Do I Trust You Medly
Words and music by: Twila Paris
Sometimes my little heart can't understand
What's in Your will, what's in Your plan
So many times I'm tempted to ask You why
But I can never forget it for long
Lord what You do could not be wrong
So I believe You even when I must cry
Do I trust You, Lord? Does the river flow?
Do I trust You, Lord? Does the north wind blow?
You can see my heart, You can read my mind
And You've got to know that I'd rather die
Than to lose my faith in the One I love
Do I trust You, Lord?
Do I trust You?
Lord, I'm keeping my eyes on You
Following You, following You, my Lord
I'm keeping my eyes on You
Following You, following You
I won't look ot the left or right
My only goal is keeping you in my sight
We will glorify the King of kings
We will glorify the Lamb
We will glorify the Lord of lords
Who is the great I Am
I will trust You, Lord, when I don't know why
I will trust You, Lord, 'till the day I die
I will trust You, Lord, when I'm blind with pain
You were God before and You'll never change
I will trust You, I will trust You
I will trust You, Lord
That song just spoke words of strength and comfort directly into John's heart. It gave voice to his fears and weaknesses and then direction for where his focus should be, and then the incredible perspective that we are to have that God's glory is the ultimate goal in all. John then passed this song on to me, and together we have been comforted.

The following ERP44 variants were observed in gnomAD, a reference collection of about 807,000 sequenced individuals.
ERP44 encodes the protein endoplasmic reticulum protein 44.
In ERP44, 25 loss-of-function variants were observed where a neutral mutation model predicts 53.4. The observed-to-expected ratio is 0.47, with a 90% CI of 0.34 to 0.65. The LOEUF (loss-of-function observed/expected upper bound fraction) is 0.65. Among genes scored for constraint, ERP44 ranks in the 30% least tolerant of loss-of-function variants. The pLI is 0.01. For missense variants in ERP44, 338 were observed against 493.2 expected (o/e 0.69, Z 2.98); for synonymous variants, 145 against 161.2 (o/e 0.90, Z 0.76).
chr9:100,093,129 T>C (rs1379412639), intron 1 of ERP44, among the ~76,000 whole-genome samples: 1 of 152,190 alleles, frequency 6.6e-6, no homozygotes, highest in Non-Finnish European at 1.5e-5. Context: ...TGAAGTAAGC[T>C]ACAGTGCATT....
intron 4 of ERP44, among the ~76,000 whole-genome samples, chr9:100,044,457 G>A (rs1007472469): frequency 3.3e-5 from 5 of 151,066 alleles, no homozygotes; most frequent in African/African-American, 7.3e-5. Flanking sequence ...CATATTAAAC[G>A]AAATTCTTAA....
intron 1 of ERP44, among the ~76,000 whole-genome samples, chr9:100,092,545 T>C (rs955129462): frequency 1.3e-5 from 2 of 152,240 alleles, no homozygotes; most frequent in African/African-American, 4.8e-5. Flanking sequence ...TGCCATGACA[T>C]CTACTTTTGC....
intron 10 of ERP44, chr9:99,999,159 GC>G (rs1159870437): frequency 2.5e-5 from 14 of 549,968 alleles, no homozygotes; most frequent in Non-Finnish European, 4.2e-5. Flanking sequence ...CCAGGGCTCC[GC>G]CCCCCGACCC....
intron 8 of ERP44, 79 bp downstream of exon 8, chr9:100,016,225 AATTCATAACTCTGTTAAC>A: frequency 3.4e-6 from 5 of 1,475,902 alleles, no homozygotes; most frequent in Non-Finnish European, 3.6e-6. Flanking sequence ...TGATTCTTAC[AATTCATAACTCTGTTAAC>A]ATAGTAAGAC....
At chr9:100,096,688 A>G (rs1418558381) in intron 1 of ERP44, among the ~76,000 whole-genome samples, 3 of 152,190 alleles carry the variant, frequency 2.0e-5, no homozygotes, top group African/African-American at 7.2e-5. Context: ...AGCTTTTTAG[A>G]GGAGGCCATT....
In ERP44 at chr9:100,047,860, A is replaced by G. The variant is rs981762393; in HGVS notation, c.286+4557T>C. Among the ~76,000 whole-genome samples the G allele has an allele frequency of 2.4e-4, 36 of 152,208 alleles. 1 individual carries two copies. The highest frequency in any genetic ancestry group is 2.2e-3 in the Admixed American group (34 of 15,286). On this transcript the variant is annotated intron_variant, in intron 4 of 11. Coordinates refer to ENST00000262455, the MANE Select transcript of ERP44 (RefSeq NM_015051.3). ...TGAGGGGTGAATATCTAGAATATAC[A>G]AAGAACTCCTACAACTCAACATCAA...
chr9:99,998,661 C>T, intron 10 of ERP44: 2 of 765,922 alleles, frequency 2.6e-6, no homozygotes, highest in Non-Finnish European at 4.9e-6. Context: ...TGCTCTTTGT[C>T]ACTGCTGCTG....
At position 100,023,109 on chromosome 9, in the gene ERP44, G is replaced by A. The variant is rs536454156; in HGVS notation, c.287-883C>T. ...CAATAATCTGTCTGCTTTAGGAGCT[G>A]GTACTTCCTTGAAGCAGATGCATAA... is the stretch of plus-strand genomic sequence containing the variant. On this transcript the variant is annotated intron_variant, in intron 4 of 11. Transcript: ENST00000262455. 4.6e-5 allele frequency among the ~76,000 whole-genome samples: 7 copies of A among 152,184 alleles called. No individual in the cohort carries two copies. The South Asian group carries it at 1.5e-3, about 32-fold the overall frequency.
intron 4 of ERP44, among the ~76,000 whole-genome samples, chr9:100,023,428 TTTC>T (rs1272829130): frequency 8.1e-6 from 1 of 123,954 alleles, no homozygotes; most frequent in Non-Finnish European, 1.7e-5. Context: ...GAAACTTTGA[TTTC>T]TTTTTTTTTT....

The days have blended into weeks, and now months. Sometimes the days are long with work for John, and often he is pulled in several directions at once. Sometimes exhaustion sets in. Most of all, I have seen John go into warrior mode. No matter what else is happening, he keeps Ellie's welfare and the good of our family in the forefront of his mind and heart. I have been in awe of his ability to make hard decisions...and uncomfortable decisions with all of the unflinching strength of a general. It must be a man-thing. I just cannot seem to separate my emotions from the mix. I have never been more thankful than I am now to have this man as the head of our home. His protection and care for our family has allowed me to be myself and be unburdened with things that are outside of my capabilities. He is our very own tender warrior.
And so, after almost 13 years, this husband of mine continues to show me new sides of himself. By far the most endearing, and at the same time the thing that breaks my heart, is John's ability to absorb the hardest parts of Ellie's cancer out of love for her. He subjects himself to watching her bone marrow biopsies just so that she can see his face and hear his voice during the entire thing...whether she remembers it later or not. He is the one to give her daily injections so that he can be as careful as possible, even though he hates doing it. And in this he also protects me from having to do it.
I love this man, who's work toughened hands are the most beautiful and loving that I have ever seen. I respect this man, who has the courage to be tender. In the words from Song of Solomon: "this is my beloved, and this is my friend."